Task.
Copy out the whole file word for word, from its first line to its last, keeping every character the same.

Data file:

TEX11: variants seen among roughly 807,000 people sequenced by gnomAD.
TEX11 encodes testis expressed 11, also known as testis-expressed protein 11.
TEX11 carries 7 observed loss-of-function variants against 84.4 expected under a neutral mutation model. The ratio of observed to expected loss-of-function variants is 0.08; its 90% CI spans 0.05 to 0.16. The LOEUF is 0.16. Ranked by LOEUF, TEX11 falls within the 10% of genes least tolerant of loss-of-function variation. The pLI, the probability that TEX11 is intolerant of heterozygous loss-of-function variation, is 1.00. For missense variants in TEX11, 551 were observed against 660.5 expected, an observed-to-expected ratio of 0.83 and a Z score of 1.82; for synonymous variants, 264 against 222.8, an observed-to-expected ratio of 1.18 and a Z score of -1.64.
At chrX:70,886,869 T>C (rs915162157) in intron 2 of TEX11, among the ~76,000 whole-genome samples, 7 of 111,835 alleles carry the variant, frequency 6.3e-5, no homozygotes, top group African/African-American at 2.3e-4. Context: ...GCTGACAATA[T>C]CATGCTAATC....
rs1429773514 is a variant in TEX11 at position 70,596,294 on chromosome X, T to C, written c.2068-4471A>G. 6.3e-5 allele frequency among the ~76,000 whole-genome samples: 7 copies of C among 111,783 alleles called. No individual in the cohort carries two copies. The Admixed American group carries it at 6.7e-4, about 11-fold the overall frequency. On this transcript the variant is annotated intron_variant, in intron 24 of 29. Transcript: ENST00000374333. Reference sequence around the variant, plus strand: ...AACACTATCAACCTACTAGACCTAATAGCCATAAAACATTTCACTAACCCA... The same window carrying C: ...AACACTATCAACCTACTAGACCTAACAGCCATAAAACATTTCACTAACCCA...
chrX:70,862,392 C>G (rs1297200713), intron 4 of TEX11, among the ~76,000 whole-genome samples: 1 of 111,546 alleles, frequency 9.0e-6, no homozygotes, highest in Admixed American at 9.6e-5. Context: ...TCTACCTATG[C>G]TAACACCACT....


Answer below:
TEX11: variants seen among roughly 807,000 people sequenced by gnomAD.
TEX11 encodes testis expressed 11, also known as testis-expressed protein 11.
TEX11 carries 7 observed loss-of-function variants against 84.4 expected under a neutral mutation model. The ratio of observed to expected loss-of-function variants is 0.08; its 90% CI spans 0.05 to 0.16. The LOEUF is 0.16. Ranked by LOEUF, TEX11 falls within the 10% of genes least tolerant of loss-of-function variation. The pLI, the probability that TEX11 is intolerant of heterozygous loss-of-function variation, is 1.00. For missense variants in TEX11, 551 were observed against 660.5 expected, an observed-to-expected ratio of 0.83 and a Z score of 1.82; for synonymous variants, 264 against 222.8, an observed-to-expected ratio of 1.18 and a Z score of -1.64.
At chrX:70,886,869 T>C (rs915162157) in intron 2 of TEX11, among the ~76,000 whole-genome samples, 7 of 111,835 alleles carry the variant, frequency 6.3e-5, no homozygotes, top group African/African-American at 2.3e-4. Context: ...GCTGACAATA[T>C]CATGCTAATC....
rs1429773514 is a variant in TEX11 at position 70,596,294 on chromosome X, T to C, written c.2068-4471A>G. 6.3e-5 allele frequency among the ~76,000 whole-genome samples: 7 copies of C among 111,783 alleles called. No individual in the cohort carries two copies. The Admixed American group carries it at 6.7e-4, about 11-fold the overall frequency. On this transcript the variant is annotated intron_variant, in intron 24 of 29. Transcript: ENST00000374333. Reference sequence around the variant, plus strand: ...AACACTATCAACCTACTAGACCTAATAGCCATAAAACATTTCACTAACCCA... The same window carrying C: ...AACACTATCAACCTACTAGACCTAACAGCCATAAAACATTTCACTAACCCA...
chrX:70,862,392 C>G (rs1297200713), intron 4 of TEX11, among the ~76,000 whole-genome samples: 1 of 111,546 alleles, frequency 9.0e-6, no homozygotes, highest in Admixed American at 9.6e-5. Context: ...TCTACCTATG[C>G]TAACACCACT....